AMG has been dropping large V8 engines into compact executive cars for two decades now but the recipe is as satisfying as it ever was. The latest such vehicle to rumble through the doors at Affalterbach is the all-new Mercedes-AMG C63, and a higher-output C63 S. Mercedes promises the latter is the fastest AMG-fettled C-Class yet.

The big news is that the C63 finally cedes natural aspiration in favour of turbocharging. A pair of turbos are strapped in the V of the new 3,982cc M177 power unit, both smaller and lighter than the old 6.2. Predictably, it’s also more efficient than before – by 32 per cent – and out-punches the old engine too.

As standard, the C63 now produces 350kW between 5500-6250rpm and 650Nm plateau between 1750-4500rpm. In S form, those numbers climb to a 375kW power peak (2kW more than the outgoing Edition 507 range-topper) and 700Nm.

All this is sent to the rear wheels via a revised version of AMG’s Speedshift MCT 7-speed automatic (now with quicker shifts) and a locking diff – mechanical in the C63, electronic in the C63 S. The S also rolls on wider rubber than the standard car – the C63 features 245/40 R18 front and 265/40 R18 rear tyres to the S model’s 245/35 R19 front and 265/35 R19 rear setup.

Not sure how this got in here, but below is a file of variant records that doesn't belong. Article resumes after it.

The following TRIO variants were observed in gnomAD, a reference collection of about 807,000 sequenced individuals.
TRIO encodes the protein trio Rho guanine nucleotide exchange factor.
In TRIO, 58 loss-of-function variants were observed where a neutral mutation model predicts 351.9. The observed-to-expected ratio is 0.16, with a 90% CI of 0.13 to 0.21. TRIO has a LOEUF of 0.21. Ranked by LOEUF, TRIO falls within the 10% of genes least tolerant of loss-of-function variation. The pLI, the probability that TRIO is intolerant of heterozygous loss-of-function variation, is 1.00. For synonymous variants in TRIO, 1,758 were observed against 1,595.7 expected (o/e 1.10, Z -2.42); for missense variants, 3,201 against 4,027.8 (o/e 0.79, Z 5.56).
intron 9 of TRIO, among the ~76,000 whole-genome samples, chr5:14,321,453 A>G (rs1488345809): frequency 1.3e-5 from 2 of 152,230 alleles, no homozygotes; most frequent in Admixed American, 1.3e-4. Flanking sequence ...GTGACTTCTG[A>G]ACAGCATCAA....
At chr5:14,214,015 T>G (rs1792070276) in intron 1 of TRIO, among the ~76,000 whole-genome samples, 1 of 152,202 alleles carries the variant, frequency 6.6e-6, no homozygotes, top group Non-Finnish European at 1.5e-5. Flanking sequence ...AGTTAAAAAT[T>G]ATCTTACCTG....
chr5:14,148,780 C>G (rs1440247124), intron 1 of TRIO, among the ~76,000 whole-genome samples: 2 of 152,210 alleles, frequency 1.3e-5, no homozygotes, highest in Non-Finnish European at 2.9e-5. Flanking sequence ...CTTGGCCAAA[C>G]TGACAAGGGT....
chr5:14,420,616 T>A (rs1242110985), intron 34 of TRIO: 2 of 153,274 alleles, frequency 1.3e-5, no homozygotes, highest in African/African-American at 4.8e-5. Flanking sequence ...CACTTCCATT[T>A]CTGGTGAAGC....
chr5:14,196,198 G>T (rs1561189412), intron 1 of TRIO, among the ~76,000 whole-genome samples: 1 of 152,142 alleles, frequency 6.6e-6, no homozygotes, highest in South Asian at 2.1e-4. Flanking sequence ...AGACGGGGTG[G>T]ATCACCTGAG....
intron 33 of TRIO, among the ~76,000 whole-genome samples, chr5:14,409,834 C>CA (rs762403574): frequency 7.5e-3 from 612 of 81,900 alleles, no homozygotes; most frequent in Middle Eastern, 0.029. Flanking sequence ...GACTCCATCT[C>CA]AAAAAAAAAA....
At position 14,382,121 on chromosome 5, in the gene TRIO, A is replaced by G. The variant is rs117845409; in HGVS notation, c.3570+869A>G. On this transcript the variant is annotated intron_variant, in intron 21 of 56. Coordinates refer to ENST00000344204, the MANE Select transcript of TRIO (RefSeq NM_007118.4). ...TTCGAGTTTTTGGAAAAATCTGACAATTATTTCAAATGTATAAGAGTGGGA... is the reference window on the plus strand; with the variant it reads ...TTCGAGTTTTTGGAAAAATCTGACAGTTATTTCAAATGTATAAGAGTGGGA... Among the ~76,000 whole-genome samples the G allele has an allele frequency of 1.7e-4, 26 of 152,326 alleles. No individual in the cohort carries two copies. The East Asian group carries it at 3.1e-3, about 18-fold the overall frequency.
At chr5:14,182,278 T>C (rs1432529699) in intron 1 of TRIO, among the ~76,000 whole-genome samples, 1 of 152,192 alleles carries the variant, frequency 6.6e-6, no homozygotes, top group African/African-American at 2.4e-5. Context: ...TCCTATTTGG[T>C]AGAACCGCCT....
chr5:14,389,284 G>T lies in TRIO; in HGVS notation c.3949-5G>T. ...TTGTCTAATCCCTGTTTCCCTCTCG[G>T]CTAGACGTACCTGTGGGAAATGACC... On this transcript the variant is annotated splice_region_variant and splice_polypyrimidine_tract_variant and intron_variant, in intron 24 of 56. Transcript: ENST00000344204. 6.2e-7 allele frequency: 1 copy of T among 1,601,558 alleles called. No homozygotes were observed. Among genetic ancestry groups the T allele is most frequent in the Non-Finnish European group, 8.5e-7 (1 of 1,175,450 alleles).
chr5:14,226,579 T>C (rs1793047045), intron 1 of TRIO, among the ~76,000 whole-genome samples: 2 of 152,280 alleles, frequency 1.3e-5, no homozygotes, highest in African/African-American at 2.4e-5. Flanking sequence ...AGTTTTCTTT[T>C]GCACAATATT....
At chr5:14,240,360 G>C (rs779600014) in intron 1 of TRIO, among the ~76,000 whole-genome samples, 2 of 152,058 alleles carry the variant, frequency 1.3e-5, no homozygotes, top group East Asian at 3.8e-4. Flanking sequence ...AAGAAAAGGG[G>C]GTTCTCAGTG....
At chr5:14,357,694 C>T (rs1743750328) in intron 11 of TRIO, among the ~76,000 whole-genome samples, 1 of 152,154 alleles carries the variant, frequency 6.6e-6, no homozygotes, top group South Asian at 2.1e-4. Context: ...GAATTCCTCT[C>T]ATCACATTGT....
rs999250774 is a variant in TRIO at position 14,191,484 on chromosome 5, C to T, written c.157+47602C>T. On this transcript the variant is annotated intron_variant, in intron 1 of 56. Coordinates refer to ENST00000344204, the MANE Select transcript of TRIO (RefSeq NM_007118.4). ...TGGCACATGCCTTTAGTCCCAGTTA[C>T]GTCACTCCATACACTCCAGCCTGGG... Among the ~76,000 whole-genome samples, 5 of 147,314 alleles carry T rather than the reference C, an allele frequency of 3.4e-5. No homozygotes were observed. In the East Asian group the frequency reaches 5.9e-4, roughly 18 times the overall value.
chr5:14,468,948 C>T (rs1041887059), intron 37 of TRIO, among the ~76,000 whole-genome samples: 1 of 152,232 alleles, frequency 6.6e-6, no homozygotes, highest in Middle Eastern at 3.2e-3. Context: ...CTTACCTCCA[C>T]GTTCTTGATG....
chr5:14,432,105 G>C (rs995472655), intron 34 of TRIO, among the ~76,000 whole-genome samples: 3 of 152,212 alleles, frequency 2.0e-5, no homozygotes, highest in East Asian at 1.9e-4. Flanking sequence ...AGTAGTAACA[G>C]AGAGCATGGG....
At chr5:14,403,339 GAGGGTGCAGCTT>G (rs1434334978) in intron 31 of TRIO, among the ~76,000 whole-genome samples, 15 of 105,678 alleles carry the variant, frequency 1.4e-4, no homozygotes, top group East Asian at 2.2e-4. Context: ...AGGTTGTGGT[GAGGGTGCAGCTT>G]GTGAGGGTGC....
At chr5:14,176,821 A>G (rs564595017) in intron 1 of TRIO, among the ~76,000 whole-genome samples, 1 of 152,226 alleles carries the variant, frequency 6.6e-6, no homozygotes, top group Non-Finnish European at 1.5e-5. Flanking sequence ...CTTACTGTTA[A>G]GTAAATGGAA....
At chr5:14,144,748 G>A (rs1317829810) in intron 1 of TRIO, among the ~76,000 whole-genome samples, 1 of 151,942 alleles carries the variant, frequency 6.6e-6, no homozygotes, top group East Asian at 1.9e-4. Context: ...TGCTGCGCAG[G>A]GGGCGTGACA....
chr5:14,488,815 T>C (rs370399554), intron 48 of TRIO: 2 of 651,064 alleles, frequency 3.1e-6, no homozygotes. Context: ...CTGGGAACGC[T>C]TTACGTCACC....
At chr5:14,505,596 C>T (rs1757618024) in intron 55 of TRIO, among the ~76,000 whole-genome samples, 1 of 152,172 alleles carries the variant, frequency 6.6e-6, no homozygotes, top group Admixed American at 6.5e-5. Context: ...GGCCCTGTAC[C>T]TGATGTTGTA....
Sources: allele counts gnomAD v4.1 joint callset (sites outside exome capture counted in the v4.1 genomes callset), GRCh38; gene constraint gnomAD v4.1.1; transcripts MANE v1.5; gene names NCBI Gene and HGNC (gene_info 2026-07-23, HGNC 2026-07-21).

The C63 saloon reaches 100km/h in 4.1 seconds – one tenth quicker than the Edition 507 – while the C63 S is a tenth quicker still. Estate versions of each are a tenth slower than their respective four-door counterparts, and top speed is limited to 250km/h across the board.

AMG’s engineering doesn’t stop at the engine. Dynamic engine mounts are used to damp vibration in normal driving, firming up when greater performance and agility is required.

The front four-link suspension features independent steering knuckles and a wider track, while the multi-link rear setup uses independent mounts and increased negative camber. Drivers can select various suspension settings as part of the AMG Ride Control system’s electronically-controlled dampers.

Outside the AMG C63s get all the usual styling tweaks – an AMG grille, a subtle bodykit, and wider bodywork to accommodate the wider track. The front bumper also features deeper airdams to help feed the intercoolers, and the bonnet a pair of raised ‘power domes’. At the rear, a new bumper features cutouts for the quad exhaust pipes.

Inside, deeper, contoured seats replace the usual pews while an AMG steering wheel and AMG dials should reassure drivers that they’ve not accidentally ordered the diesel. As ever, owners can specify various leather treatments and trim finishes to differentiate their car from the next AMG.

Prices haven’t yet been announced but those will follow shortly, with deliveries are expected to begin next year.

– Antony Ingram